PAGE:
BRINDISI, Italy (Reuters) - Tug boats hauled the burnt-out hulk of a ferry that caught fire off the coast of Greece into a southern Italian port on Friday, opening the way for an investigation into the blaze that killed at least 11 people.
Listing visibly to starboard, the Norman Atlantic multi-deck car-and-truck ferry docked in the port of Brindisi in the early afternoon, still smoldering.
The fire broke out on Sunday on one of the lower garage levels and left the vessel drifting without power in stormy seas. It took Greek and Italian rescue teams 36 hours to evacuate 477 passengers and crew from the ship amid strong winds.
Most were winched into helicopters from the upper deck of the ship as the blaze raged below, but dozens may still be missing, possibly including unauthorized migrants not listed on the ship’s manifest, Italian officials have said.
“Given that the ship was indisputably carrying illegal migrants who were probably hidden in the hold, we fear that we’ll find more dead people once we recover the wreck,” Giuseppe Volpe, the Italian prosecutor leading the investigation into the cause of the fire, said earlier this week.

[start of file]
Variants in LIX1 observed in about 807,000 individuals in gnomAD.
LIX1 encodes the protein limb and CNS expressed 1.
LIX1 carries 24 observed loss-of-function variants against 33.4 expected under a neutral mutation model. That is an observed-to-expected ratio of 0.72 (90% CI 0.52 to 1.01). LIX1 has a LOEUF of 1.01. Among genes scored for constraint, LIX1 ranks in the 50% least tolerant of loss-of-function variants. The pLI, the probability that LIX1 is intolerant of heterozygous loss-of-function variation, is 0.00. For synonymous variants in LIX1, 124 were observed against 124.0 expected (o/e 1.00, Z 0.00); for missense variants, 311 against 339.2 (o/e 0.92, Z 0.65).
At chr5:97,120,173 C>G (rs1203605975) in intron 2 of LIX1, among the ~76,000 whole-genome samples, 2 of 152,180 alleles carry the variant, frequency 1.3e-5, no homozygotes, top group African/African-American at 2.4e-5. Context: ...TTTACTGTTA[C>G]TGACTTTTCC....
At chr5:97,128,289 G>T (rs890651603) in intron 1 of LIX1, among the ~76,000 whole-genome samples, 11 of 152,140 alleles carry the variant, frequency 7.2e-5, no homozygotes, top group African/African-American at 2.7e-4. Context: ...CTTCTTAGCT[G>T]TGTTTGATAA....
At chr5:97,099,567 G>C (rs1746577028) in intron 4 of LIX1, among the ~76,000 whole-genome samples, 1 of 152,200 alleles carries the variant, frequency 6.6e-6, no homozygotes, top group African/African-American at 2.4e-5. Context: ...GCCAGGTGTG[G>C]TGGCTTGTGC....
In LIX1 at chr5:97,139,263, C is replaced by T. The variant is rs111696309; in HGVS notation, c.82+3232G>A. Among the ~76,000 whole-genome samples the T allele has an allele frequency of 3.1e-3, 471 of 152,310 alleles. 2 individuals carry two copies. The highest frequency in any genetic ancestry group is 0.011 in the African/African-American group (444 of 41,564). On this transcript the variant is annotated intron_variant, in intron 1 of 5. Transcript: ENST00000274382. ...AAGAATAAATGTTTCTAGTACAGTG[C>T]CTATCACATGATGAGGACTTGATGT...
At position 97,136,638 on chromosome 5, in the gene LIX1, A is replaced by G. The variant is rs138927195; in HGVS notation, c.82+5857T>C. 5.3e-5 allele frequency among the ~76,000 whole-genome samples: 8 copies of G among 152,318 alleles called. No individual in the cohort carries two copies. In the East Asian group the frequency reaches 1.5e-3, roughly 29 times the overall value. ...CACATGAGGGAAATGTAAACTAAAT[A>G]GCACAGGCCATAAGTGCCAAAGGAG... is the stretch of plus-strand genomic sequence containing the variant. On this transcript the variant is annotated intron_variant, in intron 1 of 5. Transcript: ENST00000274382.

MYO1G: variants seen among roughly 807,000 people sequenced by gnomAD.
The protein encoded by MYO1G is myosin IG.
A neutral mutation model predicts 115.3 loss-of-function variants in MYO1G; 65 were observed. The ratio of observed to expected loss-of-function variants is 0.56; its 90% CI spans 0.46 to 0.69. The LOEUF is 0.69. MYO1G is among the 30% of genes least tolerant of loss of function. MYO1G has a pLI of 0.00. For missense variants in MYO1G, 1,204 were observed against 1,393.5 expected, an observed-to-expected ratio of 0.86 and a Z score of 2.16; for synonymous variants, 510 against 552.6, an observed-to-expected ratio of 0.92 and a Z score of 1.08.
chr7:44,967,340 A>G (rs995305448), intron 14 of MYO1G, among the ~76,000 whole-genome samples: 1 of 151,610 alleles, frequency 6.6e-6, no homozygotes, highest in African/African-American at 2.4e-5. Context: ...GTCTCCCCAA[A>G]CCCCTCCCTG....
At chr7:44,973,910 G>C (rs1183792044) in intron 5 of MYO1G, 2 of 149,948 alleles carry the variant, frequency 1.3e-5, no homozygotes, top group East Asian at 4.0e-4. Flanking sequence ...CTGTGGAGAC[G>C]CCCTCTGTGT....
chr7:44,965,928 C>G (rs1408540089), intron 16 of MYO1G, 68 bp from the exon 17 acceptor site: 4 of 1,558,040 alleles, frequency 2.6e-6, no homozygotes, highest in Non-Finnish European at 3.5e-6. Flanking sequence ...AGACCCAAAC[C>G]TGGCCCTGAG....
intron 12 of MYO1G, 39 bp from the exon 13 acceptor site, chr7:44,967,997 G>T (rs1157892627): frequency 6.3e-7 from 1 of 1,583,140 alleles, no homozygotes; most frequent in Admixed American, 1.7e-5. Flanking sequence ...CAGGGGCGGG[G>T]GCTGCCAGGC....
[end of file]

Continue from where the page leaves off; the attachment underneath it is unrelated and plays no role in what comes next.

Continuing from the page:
Reports of the number of missing have varied widely. The Greek coastguard said on Thursday that 18 were still unaccounted for. Volpe said on Friday the number of people missing was around 10-15, having previously said it may be as high as 98.
Investigators will only be able to descend to the lower decks once the vessel is fully secured but black box recorders were recovered and will be examined for clues, said officials.
In his end-of-year address, Italian Prime Minister Matteo Renzi praised the rescue effort and complimented the ship’s captain, Argilio Giacomazzi, for staying on board until the ship was fully evacuated.
But several rescued passengers have criticized the handling of the emergency.
Leonidas Constantinidis, a Greek lorry driver with a bandaged arm and apparent burn marks on his face, told Reuters he had jumped overboard to save himself and was picked up by a nearby merchant ship.
“Where I was I did not hear any siren, any alarm. Nothing seemed to work, the fire sprinklers, the fire extinguishers, nothing was working,” Constantinidis said.
Six people -- the captain, three crew members, the ship’s operator and its owner -- are under investigation by a Bari court for multiple manslaughter and causing a ship disaster, judicial sources said on Friday.
Additional reporting George Georgiopoulos in Athens, Vincenzo Damiani in Bari, and Steve Scherer, writing by Steve Scherer; Editing by Larry King and Andrew Heavens